I’ve noticed a fascinating phenomenon recently in my work with clients.
Not long after settling into our session they’ll share how frustrated they feel about a variety of behaviors and symptoms they’re experiencing. They feel stuck and hopeless because of this never ending cycle they find themselves in. It seems that no matter how hard they try they can’t seem to find the insight and solutions they need.
At this stage, I know where we need to go, and I fully anticipate the responses and reactions that will meet us there. Along the way I’ve discovered somewhat of a guideline with specific steps that have served to shine a light on the dark places, and lead us back into the light again. Here’s what I’ve found:
1. Be Curious
We begin taking inventory of these less-than-desirable behaviors they’ve mentioned, and even in these moments I can feel the shift in their demeanor. We start being curious about what the meaning behind their behavior could be. I ask, “What are the benefits you think you might be receiving from these behaviors?”
“Umm, benefits?!” Their concept of these behaviors feel so negative they’re almost shocked that I would ask such a question. I say, “Yes, benefits. No matter how negative these behaviors may seem, we engage in them because, on some level, we are receiving something we desperately need from them.”
As their curiosity evolves into exploration, I start to see the mounting frustration in their voice and discomfort in their body language. There appears to be some sort of invisible wall that is blocking them from accessing the answers to this question. Then it happens. After running into that invisible brick wall for the hundredth time, the client erupts in frustration and says, “I don’t know!” with an intense sadness and exasperation in their voice.
This was the moment I anticipated. Their exploration gave way to discovery. At this point, I slow everything down and explain that when we’re asked questions we don’t readily have answers to, we are met with intense feelings of shame. The invisible wall that was blocking their curiosity was shame, and the sure way to bring it to the surface was through exploration. When we explore on this level, we become painfully aware that we don’t have the answers to questions that have been plaguing us. Instead of answers and solutions, we’re met with the shame that’s been hiding and controlling our hearts the whole time.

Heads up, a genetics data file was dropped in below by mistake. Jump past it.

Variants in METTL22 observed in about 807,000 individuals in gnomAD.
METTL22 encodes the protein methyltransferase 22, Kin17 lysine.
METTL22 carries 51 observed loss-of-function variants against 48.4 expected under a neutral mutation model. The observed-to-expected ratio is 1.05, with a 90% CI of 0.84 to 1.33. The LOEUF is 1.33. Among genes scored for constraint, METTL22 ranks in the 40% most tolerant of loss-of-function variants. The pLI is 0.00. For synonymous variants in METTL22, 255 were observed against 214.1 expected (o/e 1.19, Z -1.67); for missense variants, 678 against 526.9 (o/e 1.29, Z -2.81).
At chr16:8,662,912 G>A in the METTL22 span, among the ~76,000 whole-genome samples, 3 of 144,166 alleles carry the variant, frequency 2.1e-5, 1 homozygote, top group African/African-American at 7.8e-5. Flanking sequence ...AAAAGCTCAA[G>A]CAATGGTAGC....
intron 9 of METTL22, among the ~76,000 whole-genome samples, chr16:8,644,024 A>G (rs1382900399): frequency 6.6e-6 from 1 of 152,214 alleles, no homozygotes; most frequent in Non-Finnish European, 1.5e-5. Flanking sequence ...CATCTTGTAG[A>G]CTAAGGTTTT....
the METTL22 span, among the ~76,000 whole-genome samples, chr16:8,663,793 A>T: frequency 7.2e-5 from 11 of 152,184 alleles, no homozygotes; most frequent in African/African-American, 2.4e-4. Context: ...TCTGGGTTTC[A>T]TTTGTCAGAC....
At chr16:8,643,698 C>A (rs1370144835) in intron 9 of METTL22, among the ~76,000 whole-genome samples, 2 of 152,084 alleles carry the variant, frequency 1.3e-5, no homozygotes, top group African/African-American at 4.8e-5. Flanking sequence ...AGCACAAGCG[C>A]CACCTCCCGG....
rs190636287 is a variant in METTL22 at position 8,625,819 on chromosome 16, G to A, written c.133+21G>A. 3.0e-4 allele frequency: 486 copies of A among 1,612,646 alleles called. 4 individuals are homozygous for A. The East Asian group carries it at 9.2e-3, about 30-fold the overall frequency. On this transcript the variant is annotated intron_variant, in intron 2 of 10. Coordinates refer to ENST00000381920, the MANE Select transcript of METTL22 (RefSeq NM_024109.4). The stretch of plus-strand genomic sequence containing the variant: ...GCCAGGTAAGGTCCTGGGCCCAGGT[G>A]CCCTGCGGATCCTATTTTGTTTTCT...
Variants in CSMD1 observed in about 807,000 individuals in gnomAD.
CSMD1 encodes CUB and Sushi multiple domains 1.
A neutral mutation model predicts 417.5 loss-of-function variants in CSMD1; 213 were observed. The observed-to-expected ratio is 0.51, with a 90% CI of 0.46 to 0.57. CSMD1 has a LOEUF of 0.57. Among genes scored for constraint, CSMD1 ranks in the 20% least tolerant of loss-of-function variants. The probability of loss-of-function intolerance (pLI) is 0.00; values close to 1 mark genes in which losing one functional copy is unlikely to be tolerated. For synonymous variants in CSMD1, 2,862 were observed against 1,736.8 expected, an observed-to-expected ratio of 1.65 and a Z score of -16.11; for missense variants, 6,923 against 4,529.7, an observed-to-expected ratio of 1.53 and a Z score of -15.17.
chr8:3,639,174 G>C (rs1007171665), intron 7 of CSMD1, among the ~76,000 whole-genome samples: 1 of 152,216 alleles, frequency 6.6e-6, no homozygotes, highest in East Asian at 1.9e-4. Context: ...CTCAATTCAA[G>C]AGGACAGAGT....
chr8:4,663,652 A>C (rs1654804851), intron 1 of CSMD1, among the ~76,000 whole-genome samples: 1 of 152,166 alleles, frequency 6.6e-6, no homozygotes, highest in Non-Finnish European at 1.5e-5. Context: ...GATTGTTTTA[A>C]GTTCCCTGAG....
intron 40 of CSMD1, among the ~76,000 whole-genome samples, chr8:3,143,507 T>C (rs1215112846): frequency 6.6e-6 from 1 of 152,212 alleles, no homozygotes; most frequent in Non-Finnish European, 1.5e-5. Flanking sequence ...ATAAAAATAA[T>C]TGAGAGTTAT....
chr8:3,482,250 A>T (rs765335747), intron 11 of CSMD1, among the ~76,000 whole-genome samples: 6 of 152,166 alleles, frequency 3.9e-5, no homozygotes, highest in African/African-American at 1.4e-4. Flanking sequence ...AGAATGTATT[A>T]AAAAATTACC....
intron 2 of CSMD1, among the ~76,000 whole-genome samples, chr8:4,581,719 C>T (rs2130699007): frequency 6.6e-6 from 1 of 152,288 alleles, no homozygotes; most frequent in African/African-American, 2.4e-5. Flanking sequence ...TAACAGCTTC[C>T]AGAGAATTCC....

The spotlight is now shining on shame and it has nowhere to hide. Just like in the Wizard of Oz when Dorothy’s little dog, Todo, pulls the curtain back to discover that “the great and mighty oz” is actually a scared old man, we can now see shame for what it is–a lie.
In these pivotal moments, it’s important to externalize the shame so we can see that IT is the problem, not US. Shame lies about who we are, whereas guilt condemns us for what we’ve done. So, if we can start to see and experience shame as something separate from us, we can begin to find freedom from its loud and debilitating messages. Once a client realizes this truth their whole demeanor softens and relaxes. Now that shame has been exposed and externalized, we start talking about the prospect of facing these same questions with curiosity and compassion.
Brene Brown in her book, Rising Strong says the following about curiosity:
“Choosing to be curious is choosing to be vulnerable because it requires us to surrender to uncertainty. It wasn’t always a choice; we were born curious. But over time, we learn that curiosity like vulnerability, can lead to hurt. There is a profound relationship—a love affair, really—between curiosity and wholeheartedness. How do we come to those aha moments if we’re not willing to explore and ask questions?”
We start to understand that over time and through painful experiences we traded our curiosity for shame. Curiosity became an enemy, and shame vowed to protect us from any further pain. Now, any time we try to explore things we don’t understand, we’re met with shame reminding us it’s not safe and to retreat right away! If we can identify shame and expose its lies, we can rediscover our child-like curiosity. This curiosity opens and relaxes the mind and body so we can access, with compassion and kindness, the answers and solutions that exist below the surface.
Shame can only remain powerful if it stays hidden. However, if it can be exposed and externalized it loses its grip on us. When we take the first few brave steps and begin exploring, be ready for it to show itself, but once it does we can call it out and challenge its lies with the truth. Once we’ve seen shame for what it is we can begin facing our questions and pain with curiosity and compassion.
Brene says, “Curiosity is a shit-starter. But that’s okay. Sometimes we have to rumble with a story to find the truth.”